During an extension stroke of shock absorber 20, compression valve assembly 56 will remain closed prohibiting gas flow through compression passages 80. All gas flow during an extension stroke will be through extension passages 82 and the size of passages 82 will determine the damping characteristics of shock absorber 20.

Referring now to FIGS. 2 and 4, rod guide assembly 36 provides both a sealing function for shock absorber 20 as well as a lubricating function. Rod guide assembly 36 comprises a main housing 90, an upper seal assembly 92, a lower seal assembly 94 and a retainer 96. Main housing 90 is fit within pressure tube 30 with a pair of seals 98 sealing the interface between housing 90 and pressure tube 30. Retainer 96 secures main housing 90 within pressure tube 30. Housing 90 defines a first cavity 100 within which is located upper seal assembly 92.

Upper seal assembly 92 comprises a dynamic seal 102 located between housing 90 and piston rod 34, a static seal 104 located between first seal 102 and housing 90 and a retainer 106 attached to housing 90 to retain upper seal assembly 92 within cavity 100.

Housing 90 defines a second cavity 110 within which is located lower assembly 94. Lower assembly 94 comprises a seal 112 located adjacent to piston rod 34, a seal housing 114, a spacer 116 and a retainer 118 secured to housing 90 to retain lower assembly 94 within second cavity 110. Seal housing 114 is positioned within housing 90 with a seal 122 sealing the interface. Seal 112 is located between piston rod 34 and seal housing 114. Spacer 116 is positioned adjacent to both seal housing 114 and seal 112 to protect seal 112 during the installation of retainer 118 as well as providing for a specified amount of compression between seal 112 and housing 114.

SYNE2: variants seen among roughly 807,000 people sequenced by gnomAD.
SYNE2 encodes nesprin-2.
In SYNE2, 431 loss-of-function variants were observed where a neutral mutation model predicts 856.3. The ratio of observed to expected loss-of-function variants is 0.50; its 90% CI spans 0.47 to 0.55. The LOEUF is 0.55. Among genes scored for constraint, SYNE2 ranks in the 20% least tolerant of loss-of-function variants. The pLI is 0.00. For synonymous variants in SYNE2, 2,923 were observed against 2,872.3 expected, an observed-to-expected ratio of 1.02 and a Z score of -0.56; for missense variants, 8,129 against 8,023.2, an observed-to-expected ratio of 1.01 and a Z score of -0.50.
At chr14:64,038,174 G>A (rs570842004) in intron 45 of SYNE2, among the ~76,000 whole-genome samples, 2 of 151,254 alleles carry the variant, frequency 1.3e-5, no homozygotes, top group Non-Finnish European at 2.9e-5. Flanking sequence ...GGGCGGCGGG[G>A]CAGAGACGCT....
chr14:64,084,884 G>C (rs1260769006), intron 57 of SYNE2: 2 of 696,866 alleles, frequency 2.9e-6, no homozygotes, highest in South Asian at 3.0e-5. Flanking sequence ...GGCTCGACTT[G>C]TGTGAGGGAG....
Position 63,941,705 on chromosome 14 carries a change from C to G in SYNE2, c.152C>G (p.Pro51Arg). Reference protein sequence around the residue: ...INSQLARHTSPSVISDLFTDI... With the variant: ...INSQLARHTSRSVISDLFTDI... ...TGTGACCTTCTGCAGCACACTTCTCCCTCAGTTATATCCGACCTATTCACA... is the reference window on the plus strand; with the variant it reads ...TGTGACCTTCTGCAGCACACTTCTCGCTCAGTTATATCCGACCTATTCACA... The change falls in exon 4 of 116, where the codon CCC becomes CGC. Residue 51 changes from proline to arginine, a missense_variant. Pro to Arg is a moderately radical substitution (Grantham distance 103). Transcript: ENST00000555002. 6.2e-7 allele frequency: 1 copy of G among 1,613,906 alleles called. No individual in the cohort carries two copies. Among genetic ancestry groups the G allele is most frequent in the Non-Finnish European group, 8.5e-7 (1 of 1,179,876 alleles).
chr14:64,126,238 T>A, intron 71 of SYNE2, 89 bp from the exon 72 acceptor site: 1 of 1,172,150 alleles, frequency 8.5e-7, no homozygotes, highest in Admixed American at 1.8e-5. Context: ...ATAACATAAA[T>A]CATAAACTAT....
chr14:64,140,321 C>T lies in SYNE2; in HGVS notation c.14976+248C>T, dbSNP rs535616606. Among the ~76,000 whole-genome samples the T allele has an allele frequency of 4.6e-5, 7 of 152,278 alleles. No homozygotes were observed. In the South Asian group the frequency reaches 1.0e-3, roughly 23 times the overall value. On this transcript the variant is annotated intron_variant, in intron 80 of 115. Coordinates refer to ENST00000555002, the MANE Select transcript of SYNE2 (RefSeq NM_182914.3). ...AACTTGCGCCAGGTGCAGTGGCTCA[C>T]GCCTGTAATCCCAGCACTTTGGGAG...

Housing 90, upper seal assembly 92 and lower assembly 94 co-operate to form a chamber 120 which is filled within lubricating oil to seal and lubricate the movement of piston rod 34 through rod guide assembly 36. Seal 122 located between housing 90 and seal housing 114 isolates chamber 120 from upper working chamber 44. During assembly of shock absorber 20, chamber 120 is filled with a specified amount of lubricant. Upper seal assembly 92 isolates chamber 120 from the outside environment and lower assembly 94 isolates chamber 120 from upper working chamber 44. Thus, the lubricant within chamber 120 of shock absorber 20 seals working chamber 42 to allow it to maintain its original gas charge while simultaneously providing lubrication for the movement of piston rod 34.